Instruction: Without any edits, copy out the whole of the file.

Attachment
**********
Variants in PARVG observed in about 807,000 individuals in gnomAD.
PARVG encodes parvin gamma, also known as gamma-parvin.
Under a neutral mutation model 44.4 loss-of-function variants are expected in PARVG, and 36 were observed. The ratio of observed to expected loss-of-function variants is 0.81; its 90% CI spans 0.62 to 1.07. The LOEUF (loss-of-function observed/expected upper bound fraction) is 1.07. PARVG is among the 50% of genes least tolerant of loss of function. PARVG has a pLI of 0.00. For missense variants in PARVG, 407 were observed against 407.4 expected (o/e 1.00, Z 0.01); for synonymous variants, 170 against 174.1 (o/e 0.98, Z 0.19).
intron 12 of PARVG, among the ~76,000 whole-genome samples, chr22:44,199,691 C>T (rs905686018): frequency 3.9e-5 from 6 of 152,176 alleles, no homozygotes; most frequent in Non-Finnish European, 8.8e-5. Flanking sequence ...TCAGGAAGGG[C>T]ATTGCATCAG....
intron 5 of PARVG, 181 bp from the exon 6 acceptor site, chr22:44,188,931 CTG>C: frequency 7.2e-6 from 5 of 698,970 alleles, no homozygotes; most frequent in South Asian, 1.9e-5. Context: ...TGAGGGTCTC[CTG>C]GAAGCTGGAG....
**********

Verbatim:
Variants in PARVG observed in about 807,000 individuals in gnomAD.
PARVG encodes parvin gamma, also known as gamma-parvin.
Under a neutral mutation model 44.4 loss-of-function variants are expected in PARVG, and 36 were observed. The ratio of observed to expected loss-of-function variants is 0.81; its 90% CI spans 0.62 to 1.07. The LOEUF (loss-of-function observed/expected upper bound fraction) is 1.07. PARVG is among the 50% of genes least tolerant of loss of function. PARVG has a pLI of 0.00. For missense variants in PARVG, 407 were observed against 407.4 expected (o/e 1.00, Z 0.01); for synonymous variants, 170 against 174.1 (o/e 0.98, Z 0.19).
intron 12 of PARVG, among the ~76,000 whole-genome samples, chr22:44,199,691 C>T (rs905686018): frequency 3.9e-5 from 6 of 152,176 alleles, no homozygotes; most frequent in Non-Finnish European, 8.8e-5. Flanking sequence ...TCAGGAAGGG[C>T]ATTGCATCAG....
intron 5 of PARVG, 181 bp from the exon 6 acceptor site, chr22:44,188,931 CTG>C: frequency 7.2e-6 from 5 of 698,970 alleles, no homozygotes; most frequent in South Asian, 1.9e-5. Context: ...TGAGGGTCTC[CTG>C]GAAGCTGGAG....